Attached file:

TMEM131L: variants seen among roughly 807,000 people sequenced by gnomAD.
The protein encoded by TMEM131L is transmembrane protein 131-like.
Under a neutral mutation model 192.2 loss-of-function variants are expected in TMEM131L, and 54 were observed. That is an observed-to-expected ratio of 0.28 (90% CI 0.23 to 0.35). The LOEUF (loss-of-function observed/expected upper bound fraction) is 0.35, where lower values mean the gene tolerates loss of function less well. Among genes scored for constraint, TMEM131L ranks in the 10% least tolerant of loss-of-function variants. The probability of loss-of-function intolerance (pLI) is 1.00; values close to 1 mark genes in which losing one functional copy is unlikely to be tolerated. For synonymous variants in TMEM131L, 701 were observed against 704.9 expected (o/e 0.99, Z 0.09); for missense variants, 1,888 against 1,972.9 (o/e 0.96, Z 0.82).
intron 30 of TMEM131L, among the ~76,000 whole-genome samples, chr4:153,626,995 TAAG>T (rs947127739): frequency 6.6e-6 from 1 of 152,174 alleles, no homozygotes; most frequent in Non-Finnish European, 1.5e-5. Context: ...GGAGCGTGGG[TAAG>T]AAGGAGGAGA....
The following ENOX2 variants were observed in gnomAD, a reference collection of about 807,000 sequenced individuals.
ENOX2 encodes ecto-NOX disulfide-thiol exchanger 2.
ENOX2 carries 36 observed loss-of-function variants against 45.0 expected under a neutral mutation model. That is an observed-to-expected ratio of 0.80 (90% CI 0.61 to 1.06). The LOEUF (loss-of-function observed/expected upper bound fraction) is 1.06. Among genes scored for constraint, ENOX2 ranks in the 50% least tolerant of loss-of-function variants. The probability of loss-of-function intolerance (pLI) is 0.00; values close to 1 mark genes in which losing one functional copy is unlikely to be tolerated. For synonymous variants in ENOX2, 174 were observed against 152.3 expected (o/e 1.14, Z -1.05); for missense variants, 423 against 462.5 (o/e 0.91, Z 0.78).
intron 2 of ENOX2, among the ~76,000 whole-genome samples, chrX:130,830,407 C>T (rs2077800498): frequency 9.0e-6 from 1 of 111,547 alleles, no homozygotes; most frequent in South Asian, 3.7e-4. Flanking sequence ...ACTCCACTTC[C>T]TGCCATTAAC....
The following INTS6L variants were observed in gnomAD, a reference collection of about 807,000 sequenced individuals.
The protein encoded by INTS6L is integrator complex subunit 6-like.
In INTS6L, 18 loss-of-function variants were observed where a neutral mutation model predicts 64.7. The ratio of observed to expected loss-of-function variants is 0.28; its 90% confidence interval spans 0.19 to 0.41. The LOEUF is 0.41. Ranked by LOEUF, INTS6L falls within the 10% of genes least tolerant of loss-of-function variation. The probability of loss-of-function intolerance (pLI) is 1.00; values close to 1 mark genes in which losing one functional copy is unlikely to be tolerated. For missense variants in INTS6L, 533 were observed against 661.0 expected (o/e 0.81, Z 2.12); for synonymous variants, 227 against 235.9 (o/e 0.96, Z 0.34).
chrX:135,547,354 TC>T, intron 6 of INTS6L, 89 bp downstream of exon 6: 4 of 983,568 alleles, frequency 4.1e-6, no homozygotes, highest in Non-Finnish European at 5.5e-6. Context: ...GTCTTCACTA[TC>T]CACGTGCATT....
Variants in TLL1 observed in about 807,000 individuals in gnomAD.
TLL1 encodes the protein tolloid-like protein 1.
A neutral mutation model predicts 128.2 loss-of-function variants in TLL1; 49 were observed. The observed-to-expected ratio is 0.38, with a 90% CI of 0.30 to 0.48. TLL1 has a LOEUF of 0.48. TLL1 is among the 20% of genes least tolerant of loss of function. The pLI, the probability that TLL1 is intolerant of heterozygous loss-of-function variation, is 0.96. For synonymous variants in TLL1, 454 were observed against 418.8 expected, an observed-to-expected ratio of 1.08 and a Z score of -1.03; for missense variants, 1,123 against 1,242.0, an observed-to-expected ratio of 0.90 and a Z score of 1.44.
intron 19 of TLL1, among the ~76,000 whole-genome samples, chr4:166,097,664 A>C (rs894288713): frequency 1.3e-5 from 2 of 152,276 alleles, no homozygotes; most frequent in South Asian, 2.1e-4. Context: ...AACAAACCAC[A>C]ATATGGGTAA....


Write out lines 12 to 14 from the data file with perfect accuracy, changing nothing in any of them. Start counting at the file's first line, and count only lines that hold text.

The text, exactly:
chrX:135,547,354 TC>T, intron 6 of INTS6L, 89 bp downstream of exon 6: 4 of 983,568 alleles, frequency 4.1e-6, no homozygotes, highest in Non-Finnish European at 5.5e-6. Context: ...GTCTTCACTA[TC>T]CACGTGCATT....
Variants in TLL1 observed in about 807,000 individuals in gnomAD.
TLL1 encodes the protein tolloid-like protein 1.